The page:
© Copyright – 2008 – Athletics Illustrated
I first met Diane Cummins at the track, what are the odds? My son (then 9) and I were enjoying the Victoria International Track Classic at the University of Victoria, Centennial Stadium, May 25th, 2001.
It was a cool, breezy evening and Cummins had just handily run away from her competition in an 800m race, easing to a 2:04.
One of the best parts of the Vic International is heading onto the track and meeting world-class athletes immediately after the competition ends. When we got down onto the track, we caught up with Cummins first. We got her autograph.
Cummins, at the top of running in Canada, is getting ready for the Beijing Olympics; contesting the 800m and looking beyond however, I know she is focused on the big show. Here follows our interview.
CK: Beijing will not be your first international games or your first Olympics for that matter. You have been ranked near the top of the world, medalled in the Commonwealth Games and still hold the Canadian 800m record. Obviously one does not go into the Olympics, without some expectations. Athletics Canada wants a top-12 placing at least, is that good enough for you?
DC: No it’s not good enough! Of course, most athletes dream of the gold medal and that’s what gets us through the hard days. I dream of the medal, but I expect to at least perform where I have been before. My best international result has been 5th in Edmonton at the 2001 World’s. At the Olympics, it’s the same girls, different track.
CK: Looking forward to this spring and summer-specific training, are you doing anything different this time around to prepare yourself for Beijing?
DC: Having raced twice now, in extreme climates (and not performing up to scratch in those conditions) I am trying to figure out how to deal with the weather in Beijing. Not much has changed with my spring/summer specific training except my awareness of the potential to collapse again (in that heat). I am investigating what I need to do to feel good and race well. This is not just about a training camp somewhere hot, it’s more about the little things. What is the best hydration solution (I think I drink too many sugary drinks), how much do I drink before and after training. Figuring out the timing of liquids, foods, treatment and things like that.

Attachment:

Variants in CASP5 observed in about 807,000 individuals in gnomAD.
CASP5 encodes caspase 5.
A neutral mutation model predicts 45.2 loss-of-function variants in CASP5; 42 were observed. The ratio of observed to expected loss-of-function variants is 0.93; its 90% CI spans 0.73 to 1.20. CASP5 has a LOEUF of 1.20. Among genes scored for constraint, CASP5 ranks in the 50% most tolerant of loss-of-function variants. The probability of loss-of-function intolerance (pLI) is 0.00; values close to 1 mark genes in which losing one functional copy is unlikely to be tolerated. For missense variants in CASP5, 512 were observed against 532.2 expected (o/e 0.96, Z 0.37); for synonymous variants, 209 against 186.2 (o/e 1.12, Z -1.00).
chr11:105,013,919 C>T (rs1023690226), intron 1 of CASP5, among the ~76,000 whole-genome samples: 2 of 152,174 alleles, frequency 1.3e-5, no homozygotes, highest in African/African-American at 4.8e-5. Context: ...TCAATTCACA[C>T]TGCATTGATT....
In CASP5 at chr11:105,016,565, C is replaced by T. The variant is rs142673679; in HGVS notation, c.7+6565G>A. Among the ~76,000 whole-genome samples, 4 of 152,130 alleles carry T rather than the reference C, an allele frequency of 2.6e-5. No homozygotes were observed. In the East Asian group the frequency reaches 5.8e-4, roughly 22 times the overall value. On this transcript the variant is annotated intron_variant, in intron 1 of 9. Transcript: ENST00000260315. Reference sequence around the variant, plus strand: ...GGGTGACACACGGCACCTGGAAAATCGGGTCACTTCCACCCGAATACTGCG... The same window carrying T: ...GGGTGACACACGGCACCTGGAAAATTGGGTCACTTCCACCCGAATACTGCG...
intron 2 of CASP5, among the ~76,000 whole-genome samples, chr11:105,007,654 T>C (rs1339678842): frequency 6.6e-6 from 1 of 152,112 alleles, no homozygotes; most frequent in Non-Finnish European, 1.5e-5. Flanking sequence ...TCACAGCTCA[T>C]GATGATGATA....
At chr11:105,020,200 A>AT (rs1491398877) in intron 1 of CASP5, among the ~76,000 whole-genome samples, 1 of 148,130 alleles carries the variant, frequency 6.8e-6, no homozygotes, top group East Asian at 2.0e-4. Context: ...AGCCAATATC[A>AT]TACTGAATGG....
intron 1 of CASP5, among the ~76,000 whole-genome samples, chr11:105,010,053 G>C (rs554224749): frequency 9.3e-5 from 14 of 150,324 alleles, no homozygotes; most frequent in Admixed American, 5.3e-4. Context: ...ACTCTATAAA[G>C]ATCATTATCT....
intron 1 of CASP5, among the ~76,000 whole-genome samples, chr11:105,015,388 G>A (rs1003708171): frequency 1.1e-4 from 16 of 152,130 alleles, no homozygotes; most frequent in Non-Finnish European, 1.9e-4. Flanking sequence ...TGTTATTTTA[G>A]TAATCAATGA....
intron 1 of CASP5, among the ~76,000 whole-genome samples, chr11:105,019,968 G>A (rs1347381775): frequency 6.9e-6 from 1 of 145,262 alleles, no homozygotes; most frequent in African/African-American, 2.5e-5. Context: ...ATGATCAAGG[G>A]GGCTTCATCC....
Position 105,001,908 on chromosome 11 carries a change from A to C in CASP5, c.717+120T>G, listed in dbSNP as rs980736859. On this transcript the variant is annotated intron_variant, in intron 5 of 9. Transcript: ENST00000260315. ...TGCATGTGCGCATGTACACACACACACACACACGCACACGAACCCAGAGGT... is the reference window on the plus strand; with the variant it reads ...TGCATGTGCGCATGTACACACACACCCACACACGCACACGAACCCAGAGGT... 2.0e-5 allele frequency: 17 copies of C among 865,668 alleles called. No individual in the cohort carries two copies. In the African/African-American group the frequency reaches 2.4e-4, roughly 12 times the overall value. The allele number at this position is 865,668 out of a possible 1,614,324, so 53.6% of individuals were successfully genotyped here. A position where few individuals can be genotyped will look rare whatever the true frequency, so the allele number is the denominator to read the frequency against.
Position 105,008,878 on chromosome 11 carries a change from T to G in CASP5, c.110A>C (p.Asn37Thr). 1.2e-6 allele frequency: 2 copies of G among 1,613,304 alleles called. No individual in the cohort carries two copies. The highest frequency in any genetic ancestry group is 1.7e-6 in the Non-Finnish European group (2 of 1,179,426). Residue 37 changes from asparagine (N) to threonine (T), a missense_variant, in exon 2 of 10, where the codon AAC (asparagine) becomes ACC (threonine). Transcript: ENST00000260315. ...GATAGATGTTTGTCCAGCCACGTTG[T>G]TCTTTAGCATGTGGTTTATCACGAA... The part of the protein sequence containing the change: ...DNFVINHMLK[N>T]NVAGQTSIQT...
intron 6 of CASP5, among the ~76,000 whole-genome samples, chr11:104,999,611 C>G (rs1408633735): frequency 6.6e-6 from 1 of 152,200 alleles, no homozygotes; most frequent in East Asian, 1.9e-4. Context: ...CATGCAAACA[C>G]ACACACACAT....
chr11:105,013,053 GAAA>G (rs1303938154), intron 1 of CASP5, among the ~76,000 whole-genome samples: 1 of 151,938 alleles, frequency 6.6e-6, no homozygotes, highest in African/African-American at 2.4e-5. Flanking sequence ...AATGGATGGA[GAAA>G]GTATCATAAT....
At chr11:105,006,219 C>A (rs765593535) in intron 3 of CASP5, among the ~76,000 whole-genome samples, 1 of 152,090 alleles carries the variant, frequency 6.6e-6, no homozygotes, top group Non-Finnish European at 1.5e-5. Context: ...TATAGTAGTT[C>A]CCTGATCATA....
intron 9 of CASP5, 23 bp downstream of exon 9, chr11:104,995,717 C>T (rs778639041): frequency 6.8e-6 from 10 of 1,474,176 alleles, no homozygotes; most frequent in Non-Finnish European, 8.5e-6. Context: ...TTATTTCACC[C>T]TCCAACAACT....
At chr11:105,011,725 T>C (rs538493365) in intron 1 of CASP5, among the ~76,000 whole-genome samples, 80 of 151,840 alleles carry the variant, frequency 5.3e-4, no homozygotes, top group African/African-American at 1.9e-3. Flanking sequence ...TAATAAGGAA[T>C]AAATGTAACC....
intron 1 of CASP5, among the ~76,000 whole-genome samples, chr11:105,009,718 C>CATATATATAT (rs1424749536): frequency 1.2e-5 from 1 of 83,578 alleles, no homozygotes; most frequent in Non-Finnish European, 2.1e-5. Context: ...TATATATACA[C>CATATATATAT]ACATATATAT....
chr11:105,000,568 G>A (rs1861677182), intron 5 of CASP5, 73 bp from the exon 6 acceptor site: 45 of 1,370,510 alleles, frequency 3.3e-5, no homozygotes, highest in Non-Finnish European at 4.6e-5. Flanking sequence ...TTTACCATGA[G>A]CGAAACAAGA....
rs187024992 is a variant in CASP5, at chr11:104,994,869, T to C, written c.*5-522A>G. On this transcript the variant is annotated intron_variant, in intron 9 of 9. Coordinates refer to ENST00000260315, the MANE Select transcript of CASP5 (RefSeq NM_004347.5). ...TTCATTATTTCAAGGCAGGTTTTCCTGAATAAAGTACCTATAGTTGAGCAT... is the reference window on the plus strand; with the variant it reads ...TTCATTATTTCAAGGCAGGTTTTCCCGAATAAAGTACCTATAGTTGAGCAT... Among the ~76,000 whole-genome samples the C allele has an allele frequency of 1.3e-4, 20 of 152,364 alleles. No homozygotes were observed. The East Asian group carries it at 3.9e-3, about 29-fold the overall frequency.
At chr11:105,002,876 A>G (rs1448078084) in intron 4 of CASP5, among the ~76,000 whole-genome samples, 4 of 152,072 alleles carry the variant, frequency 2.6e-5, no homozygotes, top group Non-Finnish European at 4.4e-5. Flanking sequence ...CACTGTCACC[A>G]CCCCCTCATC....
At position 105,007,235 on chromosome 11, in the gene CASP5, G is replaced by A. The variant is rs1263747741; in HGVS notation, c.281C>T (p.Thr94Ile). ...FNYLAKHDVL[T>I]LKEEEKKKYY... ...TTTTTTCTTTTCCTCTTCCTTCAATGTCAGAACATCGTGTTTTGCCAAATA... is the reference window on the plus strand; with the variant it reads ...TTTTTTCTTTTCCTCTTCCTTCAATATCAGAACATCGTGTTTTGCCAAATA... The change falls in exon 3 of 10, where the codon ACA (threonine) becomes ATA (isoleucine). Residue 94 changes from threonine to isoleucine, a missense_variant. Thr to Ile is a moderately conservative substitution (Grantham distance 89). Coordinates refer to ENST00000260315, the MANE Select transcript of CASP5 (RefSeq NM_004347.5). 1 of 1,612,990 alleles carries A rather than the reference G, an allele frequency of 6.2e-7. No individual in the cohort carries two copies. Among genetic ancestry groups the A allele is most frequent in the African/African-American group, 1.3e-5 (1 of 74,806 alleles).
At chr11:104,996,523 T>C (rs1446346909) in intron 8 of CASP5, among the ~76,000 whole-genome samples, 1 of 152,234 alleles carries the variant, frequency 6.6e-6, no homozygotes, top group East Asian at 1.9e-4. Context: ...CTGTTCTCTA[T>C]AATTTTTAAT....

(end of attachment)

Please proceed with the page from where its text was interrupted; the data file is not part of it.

CK: What are your plans after Beijing? Have you ever thought about longer distances, road racing or perhaps one day the marathon?
DC: After Beijing, I am going to South Africa to say “hi” to some old friends. Then I am going to train for longer distances so that in 2009 I can race 1500s and miles with less discomfort! Hopefully some road races, but I don’t think anything longer than 10km. I do have a hope of one day running the Comrades. …One day
CK: You are stateside for the time being, are you working with a coach based in Montana, or a Victoria, BC coach?
DC: I am working with Mark Timmons here in Missoula. Mark plans the training program and attends workouts. Brent Fougner, my coach from Victoria is my mentor and guides my overall plan. As most of you know Athletics Canada makes the season more complicated by putting up the famous ‘by this date’ selection criteria.
CK: I assume you are not running the high-quality workouts this early. What goes on in a typical day of a top-level athlete, training in Missoula Montana for the Olympics? Do you fit in longer training runs at this point?
DC: Yes, are you kidding? I love long runs! Not! But I do them. The best thing about Missoula is the training group. These girls are fantastic and there is never a lonely run. We are definitely not the kind that enjoys the solitude of this sport, getting a kick out of long solo efforts. We make the most of the social gatherings. Our long runs are every second Sunday, where I am up to 75 minutes. Track training happens Tuesday and Friday, Pilates, Monday and Thursday and all days in between are either two shorter runs or one longer run or cross-training, with every second Sunday off. I have now got my shorter runs from 20 minutes (when I was in Victoria) to 40 minutes. That’s a good feeling! On the whole, my mileage has increased since being here, but compared to others it’s nothing to write home about.
CK: We both celebrated our birthdays on the same day in January, you said you went to Phoenix and danced with some girlfriends and had a good time. I too danced with friends, but I didn’t go to Phoenix, I danced here at home, who do you think got in the better workout?
DC: Me for sure! You try to keep up with Vicky Pounds and Andrea Grove!